Extended Crop Rotation: A planting cycle of different crops such as grasses, legumes or small grains along with corn and soybeans to help improve soil health and decrease insect and disease pressure. The practice can help improve water quality by extending the number of months the soil is covered with actively growing plants.
Economics have driven most producers toward row crop agriculture (corn-soybean rotations or continuous corn). An extended crop rotation that includes small grains and forages can help improve water quality and can be economically as competitive for producers. The Iowa Nutrient Reduction Strategy science assessment shows that a 5-year crop rotation including at least two years of alfalfa will reduce nitrate losses to surface water by an average of 42 percent. Long term studies at Iowa State University have suggested a possible role for extended rotations of three years - involving oats and red clover - while maintaining profitability.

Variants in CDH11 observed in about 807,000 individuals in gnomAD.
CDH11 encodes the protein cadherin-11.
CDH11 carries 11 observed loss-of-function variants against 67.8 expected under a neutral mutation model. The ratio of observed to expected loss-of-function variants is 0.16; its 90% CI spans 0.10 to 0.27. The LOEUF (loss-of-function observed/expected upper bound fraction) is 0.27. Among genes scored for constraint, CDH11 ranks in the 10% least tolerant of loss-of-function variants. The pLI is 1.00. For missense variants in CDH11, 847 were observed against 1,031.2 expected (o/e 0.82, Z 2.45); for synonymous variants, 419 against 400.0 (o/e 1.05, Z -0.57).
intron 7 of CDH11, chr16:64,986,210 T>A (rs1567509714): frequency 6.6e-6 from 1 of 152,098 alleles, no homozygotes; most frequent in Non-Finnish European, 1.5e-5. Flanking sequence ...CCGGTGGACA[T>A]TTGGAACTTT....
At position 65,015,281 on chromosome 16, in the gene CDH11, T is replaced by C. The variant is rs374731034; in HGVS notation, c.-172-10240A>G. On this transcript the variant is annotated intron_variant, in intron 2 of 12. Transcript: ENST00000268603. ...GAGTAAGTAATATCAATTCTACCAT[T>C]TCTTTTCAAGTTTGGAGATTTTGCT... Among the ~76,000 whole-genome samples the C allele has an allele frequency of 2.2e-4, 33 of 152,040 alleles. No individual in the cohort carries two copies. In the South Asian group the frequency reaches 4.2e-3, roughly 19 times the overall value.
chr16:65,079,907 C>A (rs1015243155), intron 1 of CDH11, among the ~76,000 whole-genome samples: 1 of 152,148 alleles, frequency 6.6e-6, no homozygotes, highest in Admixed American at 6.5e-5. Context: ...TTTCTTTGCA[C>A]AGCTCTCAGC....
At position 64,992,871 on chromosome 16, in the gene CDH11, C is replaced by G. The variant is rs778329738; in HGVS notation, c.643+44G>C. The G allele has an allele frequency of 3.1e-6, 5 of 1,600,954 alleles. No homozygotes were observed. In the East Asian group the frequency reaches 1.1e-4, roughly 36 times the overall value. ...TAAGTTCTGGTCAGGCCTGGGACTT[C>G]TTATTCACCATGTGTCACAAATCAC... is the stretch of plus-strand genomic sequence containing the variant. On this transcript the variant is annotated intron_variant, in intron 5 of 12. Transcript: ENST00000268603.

The advantages of more diversified crop rotations include dispersed workload, improved weed control, increased crop yields, potential for improved profitability, which in turn can reduce profit variability, and reduced fertilizer and herbicide requirements. The disadvantages include additional labor and equipment requirements, lack of experience and the lack of a market in many areas for small grains and forages.
- Benefits of longer rotations
- Increased cropping system diversity balances productivity, profitability and environmental health
- Economic analysis of three Iowa rotations
- Results of farm studies on extended rotation
- Corn following green manure cover crops established with small grain
- Timing of nitrogen supply to corn from spring terminated red clover